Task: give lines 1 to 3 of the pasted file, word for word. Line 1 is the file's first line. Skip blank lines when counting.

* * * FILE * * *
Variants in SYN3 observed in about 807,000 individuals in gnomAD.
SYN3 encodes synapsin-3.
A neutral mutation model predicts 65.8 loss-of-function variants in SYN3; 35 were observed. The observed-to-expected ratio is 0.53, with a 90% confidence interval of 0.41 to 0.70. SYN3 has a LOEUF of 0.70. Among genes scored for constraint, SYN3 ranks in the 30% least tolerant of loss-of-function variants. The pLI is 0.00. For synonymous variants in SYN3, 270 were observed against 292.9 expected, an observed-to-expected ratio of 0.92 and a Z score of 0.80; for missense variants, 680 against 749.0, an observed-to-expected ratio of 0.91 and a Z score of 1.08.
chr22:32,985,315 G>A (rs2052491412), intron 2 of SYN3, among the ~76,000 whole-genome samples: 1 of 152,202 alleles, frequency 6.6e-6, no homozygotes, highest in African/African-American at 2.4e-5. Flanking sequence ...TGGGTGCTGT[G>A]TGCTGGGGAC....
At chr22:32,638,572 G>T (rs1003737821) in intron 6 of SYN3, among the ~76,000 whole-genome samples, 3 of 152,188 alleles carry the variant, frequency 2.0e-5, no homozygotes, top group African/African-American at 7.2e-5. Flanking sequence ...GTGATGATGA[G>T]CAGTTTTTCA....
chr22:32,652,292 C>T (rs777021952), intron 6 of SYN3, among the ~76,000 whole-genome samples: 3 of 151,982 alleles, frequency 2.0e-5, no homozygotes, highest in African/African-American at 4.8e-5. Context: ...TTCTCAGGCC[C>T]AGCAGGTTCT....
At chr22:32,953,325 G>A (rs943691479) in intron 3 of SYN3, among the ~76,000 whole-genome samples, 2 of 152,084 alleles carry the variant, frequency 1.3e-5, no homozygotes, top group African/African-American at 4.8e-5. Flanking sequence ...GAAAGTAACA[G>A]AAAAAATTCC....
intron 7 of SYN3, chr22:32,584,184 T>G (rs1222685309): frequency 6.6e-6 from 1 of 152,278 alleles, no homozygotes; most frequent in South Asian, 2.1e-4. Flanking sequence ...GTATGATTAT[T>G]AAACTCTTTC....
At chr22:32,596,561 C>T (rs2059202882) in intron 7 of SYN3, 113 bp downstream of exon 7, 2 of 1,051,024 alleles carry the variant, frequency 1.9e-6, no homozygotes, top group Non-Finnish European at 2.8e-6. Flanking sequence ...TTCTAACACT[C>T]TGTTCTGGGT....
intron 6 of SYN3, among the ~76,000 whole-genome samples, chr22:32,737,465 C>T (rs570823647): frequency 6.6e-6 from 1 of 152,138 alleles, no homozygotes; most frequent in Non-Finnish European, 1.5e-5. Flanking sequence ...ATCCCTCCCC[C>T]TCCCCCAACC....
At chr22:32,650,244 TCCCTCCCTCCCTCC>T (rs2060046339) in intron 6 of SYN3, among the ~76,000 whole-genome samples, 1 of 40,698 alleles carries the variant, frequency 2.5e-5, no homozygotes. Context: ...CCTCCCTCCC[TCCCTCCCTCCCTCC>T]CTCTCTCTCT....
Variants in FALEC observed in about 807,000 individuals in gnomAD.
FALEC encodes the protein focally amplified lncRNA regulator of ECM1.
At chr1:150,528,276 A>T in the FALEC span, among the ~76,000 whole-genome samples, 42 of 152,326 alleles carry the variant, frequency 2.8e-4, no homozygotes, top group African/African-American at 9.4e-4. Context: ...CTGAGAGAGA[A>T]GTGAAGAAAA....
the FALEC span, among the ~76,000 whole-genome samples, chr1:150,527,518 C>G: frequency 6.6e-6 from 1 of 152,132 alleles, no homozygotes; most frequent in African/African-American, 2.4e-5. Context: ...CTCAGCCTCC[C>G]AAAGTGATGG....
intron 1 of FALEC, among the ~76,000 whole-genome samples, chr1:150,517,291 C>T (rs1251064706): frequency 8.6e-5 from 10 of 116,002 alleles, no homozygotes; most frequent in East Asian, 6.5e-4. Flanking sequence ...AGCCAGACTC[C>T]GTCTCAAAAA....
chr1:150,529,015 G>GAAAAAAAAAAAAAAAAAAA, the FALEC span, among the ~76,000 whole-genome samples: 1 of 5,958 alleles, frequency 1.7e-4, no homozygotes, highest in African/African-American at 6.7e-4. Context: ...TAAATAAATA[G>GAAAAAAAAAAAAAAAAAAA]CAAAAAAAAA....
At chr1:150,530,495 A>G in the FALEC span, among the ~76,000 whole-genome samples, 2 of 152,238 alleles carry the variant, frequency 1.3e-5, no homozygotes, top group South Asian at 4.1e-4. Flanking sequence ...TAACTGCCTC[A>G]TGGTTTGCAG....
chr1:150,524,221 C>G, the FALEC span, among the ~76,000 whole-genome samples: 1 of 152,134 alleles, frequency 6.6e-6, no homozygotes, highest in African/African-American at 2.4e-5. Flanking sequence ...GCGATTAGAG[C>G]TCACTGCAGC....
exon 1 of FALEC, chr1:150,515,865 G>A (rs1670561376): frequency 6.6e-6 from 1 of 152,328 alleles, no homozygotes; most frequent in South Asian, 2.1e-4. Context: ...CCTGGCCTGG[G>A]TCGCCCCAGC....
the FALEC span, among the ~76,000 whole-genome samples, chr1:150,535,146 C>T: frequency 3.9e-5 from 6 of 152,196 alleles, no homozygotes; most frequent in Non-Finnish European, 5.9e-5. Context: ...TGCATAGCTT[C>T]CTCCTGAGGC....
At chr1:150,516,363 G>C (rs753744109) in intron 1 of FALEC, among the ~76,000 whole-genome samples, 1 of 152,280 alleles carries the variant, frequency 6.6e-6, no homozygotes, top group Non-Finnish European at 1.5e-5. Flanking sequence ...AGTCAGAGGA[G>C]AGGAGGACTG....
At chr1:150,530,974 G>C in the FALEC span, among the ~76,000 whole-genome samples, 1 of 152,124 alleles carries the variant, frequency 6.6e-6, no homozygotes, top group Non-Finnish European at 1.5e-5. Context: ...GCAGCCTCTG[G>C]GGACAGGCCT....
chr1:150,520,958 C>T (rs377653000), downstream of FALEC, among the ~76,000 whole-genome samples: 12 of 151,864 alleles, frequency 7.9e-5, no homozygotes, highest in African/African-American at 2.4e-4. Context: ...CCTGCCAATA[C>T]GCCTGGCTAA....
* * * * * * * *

Variants in SYN3 observed in about 807,000 individuals in gnomAD.
SYN3 encodes synapsin-3.
A neutral mutation model predicts 65.8 loss-of-function variants in SYN3; 35 were observed. The observed-to-expected ratio is 0.53, with a 90% confidence interval of 0.41 to 0.70. SYN3 has a LOEUF of 0.70. Among genes scored for constraint, SYN3 ranks in the 30% least tolerant of loss-of-function variants. The pLI is 0.00. For synonymous variants in SYN3, 270 were observed against 292.9 expected, an observed-to-expected ratio of 0.92 and a Z score of 0.80; for missense variants, 680 against 749.0, an observed-to-expected ratio of 0.91 and a Z score of 1.08.